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The Future of Textbooks

By Brendan | 2021-03-16

This past weekend, we hosted a roundtable discussion exploring the future of textbooks.

While our focus at Hyperlink is on live, interactive learning experiences, the content that supports these experiences — lesson plans, readings, worksheets, assignments, artifacts and more — is also important, and ripe with all sorts of possibilities for further experimentation.

Already, we're seeing a number of course creators exploring interesting ways to create and share learning materials, from 'micro-textbooks' to dual-publishing workflows for web + print output to iteratively developed texts for specific courses.

We wanted to explore questions like:

  • How can textbooks connect to social learning experiences?
  • How can textbooks respond to the needs of individual learners?
  • How can learners contribute to / manipulate / diverge from a textbook?
  • How can learning materials adapt across workflows, branches and forks
  • How can we create stronger shared contexts for reading and writing?

Here are our notes from the session — we covered quite a lot in an hour! — plus a collection of links and projects for further perusal.

Show and tell:

  • Lester talked about his data science research and how he's trying to identify digital textbook content to run NLP models on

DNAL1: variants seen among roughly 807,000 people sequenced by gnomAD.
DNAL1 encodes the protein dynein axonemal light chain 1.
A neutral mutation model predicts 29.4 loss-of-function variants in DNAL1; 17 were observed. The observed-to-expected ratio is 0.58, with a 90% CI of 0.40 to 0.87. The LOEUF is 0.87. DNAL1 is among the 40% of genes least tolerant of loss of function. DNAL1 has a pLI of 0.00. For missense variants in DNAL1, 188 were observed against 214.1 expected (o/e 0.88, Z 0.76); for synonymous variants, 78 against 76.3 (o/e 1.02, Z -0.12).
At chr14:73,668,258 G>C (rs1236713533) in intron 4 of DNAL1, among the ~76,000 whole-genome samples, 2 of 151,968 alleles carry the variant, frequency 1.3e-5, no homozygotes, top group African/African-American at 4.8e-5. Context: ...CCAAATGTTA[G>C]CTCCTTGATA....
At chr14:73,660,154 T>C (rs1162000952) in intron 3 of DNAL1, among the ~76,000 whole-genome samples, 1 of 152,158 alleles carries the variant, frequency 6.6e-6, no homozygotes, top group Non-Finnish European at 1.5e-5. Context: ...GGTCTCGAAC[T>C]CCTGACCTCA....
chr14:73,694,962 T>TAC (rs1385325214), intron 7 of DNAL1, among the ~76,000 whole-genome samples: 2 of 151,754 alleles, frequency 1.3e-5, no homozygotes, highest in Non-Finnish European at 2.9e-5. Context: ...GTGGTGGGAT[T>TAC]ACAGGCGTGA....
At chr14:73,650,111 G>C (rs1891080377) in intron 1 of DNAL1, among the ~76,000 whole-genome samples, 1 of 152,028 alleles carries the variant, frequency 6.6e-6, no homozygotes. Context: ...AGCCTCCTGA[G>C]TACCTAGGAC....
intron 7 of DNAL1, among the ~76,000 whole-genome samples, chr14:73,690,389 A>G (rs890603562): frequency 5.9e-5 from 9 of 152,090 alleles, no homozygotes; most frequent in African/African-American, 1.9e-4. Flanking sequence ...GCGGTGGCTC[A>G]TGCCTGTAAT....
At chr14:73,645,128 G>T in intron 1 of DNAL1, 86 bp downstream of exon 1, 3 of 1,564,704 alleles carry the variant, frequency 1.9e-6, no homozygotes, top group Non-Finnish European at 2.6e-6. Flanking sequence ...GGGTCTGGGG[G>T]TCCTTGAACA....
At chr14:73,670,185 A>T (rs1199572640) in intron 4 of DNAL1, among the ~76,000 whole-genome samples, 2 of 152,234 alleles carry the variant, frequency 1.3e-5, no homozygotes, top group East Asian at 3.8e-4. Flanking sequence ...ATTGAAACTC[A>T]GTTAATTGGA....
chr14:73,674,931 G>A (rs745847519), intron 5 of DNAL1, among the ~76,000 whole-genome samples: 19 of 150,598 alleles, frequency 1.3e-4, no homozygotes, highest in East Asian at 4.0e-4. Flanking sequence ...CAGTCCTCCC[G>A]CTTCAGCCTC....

• Colin showed us the conlang textbook he's writing with LaTeX and PDF, touching on linguistics-specific workflow challenges
  • Frode gave an overview of his work with augmented text tools, including affordances for inline references, and "visual-meta" for metadata + structural data
  • Max showed an awesome list he made of "e-texts", as well as introduced us to the "ScholarPhi" project for interactive display of math equations

Interesting topics we touched on:

  • The "open educational resources" movement; open source textbooks
  • Publishing as an evolving process, and possibilities for "phases" e.g. transitioning from an open and fluid text to a more solid bounded artifact
  • Authority; the "finished" nature of textbooks… What happens to books over time? What books are canonical, and how do such definitions change?
  • How textbooks can be made or conceived of as more interactive, e.g. prompting and incorporating student artifacts as examples in various contexts
  • How we define a "textbook" in the first place; what distinguishes a textbook from other books, wikis, or other texts and resources used for learning?
  • How textbooks might fit into our antilibraries
  • The changing nature of the syllabus, from shared context to multi-directional or group-annotated source
  • Environments for sharing structured data, from LaTeX to JSON to the clipboard


Let's continue the conversation. We've opened a discussion on the Hyperlink forum — we'd love to see any follow up questions, additional examples, proposals, open problems, or other ideas.

In particular:

  • How can facilitators and learners play with these ideas on Hyperlink?
  • How best can we help support that?

We look forward to exploring these topics further!